I’ve only dipped my toe back East briefly when I attended a Chautauqua workshop back in 2008. Is the east coast still muggy in summer? My part of the planet sports dry  and hot summer fun. Humidifiers and air conditioners are standard issue. 

    As for tripworthy goals and accomplishments: I’m hoping Jude Law will stop by. Makes sense doesn’t it? He just did Hamlet on Broadway. I would settle for Patrick Stewart peeking in. David Tennant? I’m also hoping to dig in and get some amazing research done on a Shakespeare project I’ve been toying with the past five years. That Reading Pass will definitely come in handy. Of course, I really hope to bring back such astounding Hamlet lesson plans that they will transform my seniors into iambic spouting Bardinators.

    We interrupt this post with an important update:
    “participants should pack loose, comfortable clothing for stage work, including a workshop on swordplay.” SWORDS! 

    Being a West Coaster, I am so open to suggestions of what I should REALLY see when finding time to be a tourist in Washington DC.

    a bit about cricketmuse

    I intend to pack a bit more…

    Home Again, Toto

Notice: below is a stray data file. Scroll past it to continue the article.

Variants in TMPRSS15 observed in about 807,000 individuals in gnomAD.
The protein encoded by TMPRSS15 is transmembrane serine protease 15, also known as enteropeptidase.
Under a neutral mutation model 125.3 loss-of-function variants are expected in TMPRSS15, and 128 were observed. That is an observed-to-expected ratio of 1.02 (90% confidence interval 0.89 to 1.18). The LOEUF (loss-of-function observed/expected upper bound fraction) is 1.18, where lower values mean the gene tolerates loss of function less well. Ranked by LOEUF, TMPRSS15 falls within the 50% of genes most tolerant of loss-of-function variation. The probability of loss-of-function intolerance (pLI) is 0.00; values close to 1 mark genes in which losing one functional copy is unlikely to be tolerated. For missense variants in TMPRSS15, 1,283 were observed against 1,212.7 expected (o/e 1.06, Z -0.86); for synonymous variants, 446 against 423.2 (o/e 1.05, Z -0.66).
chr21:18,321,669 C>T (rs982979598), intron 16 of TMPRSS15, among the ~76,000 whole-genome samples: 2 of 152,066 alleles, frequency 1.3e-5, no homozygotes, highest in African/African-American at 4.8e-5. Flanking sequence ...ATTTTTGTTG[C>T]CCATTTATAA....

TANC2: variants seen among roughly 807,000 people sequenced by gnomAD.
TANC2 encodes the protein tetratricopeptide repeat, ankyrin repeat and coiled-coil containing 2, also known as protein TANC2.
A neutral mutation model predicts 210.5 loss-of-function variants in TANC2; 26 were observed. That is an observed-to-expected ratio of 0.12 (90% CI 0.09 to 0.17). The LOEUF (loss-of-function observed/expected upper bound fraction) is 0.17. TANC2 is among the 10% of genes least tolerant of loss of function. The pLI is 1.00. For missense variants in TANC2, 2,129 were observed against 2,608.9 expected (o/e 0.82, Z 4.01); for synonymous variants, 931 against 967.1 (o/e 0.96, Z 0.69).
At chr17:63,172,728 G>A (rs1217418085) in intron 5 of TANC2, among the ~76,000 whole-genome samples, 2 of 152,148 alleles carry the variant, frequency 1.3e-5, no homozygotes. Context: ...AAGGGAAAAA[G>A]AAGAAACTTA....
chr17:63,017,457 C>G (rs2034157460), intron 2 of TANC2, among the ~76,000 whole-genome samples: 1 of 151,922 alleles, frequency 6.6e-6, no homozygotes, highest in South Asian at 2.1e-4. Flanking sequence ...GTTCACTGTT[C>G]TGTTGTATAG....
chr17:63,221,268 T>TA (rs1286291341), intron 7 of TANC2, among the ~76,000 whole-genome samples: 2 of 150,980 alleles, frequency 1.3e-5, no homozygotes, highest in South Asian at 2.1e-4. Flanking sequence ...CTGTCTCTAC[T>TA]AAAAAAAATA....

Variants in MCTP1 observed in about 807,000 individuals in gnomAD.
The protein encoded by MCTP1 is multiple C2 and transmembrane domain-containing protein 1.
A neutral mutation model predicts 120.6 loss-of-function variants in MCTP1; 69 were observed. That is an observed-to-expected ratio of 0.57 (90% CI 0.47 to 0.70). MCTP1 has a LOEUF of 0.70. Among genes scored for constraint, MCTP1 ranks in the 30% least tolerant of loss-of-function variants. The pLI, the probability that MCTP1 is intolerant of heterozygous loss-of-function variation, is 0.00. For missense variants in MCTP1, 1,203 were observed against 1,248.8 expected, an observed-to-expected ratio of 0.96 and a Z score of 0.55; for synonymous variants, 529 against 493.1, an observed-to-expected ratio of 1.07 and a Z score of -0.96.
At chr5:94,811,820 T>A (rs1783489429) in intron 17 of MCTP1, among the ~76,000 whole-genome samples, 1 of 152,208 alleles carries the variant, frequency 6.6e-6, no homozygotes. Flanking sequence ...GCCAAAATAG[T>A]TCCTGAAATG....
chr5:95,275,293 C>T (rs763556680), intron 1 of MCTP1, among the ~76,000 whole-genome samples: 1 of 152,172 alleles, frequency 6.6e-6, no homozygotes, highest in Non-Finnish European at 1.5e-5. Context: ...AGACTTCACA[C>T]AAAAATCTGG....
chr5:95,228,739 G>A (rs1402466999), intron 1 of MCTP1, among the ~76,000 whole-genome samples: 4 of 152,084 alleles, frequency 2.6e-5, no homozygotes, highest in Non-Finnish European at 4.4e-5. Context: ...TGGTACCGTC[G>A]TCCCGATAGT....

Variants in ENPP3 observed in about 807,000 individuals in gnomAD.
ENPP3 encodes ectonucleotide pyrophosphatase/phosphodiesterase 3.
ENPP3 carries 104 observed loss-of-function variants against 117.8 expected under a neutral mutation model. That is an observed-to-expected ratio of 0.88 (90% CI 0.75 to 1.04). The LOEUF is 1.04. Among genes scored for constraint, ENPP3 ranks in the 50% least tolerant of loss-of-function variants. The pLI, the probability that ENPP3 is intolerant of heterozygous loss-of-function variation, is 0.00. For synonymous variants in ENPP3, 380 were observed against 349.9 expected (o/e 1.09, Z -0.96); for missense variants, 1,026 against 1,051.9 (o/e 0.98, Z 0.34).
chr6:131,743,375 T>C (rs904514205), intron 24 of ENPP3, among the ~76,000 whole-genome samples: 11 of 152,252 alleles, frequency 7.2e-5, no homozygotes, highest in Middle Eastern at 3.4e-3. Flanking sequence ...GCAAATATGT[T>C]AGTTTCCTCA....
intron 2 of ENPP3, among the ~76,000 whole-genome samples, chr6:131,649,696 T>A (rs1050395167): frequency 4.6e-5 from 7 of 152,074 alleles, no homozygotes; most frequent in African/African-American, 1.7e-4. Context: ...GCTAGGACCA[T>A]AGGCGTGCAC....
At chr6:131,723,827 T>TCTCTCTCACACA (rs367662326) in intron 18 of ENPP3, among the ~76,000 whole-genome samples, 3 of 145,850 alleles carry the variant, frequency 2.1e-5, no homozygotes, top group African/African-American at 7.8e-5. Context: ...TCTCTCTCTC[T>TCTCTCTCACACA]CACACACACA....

Thomas Wolfe is credited with saying you can’t go home again. Of course there are multiple layers of meaning in that statement. I noticed at least one aspect of meaning, the one where home becomes more of a memory as time goes on, after a recent visit to see family.  I’ve learned that it isn’t always a good idea to revisit former places of our childhood and jotted down my reflections as I walked through old neighborhoods.
    A garbage sack mocks the spot where Mom’s potted azalea graced the front step. A gated barrier replaces the hand-carved mahogany doors. Weeds gather in loud conversations supplanting Dad’s meticulous landscape.

    The donut shop remains the same odd little shaked chalet busied by Toyotas and BMWs alike. It’s a strange little anachronism among the neon corporate stores surrounding it. As I pass by it a memory flickers on. I remember back to high school. My stern take-no-prisoners-driver’s ed teacher revealed a soft spot one day by instructing me to pull into the donut shop parking lot. She disappears inside and returns with sack of donut holes. No one at school would have believed us. A secret only to be dredged up someday at a reunion possibly.

    The town: a grace of upscale suburbia, an old community, struggling to maintain its dignity as its unique shoppes and colonial clapboard frontage succumb to being slowly replaced by box stores and parking lots. The stylish luxury apartments converted into condominiums are showing their wear, much like wrinkles found in a linen skirt mark the evidence of use.

    Childhood memories remain, yet become increasingly marred by these yearly trips home. Perhaps it’s true that you can’t really go home again because home is now relegated to the past, then again sometimes home presents itself in a sound bite: the speed boat chop on the lake reminds me of teen summer fun; the smudgy glance into favored memory flashes by as I drivepast an icon building, the steepled church where youth group met ever so long ago. Upscale Neighborhoods slip into weedy shabbiness, stretching sections from nice to nervous when walking through.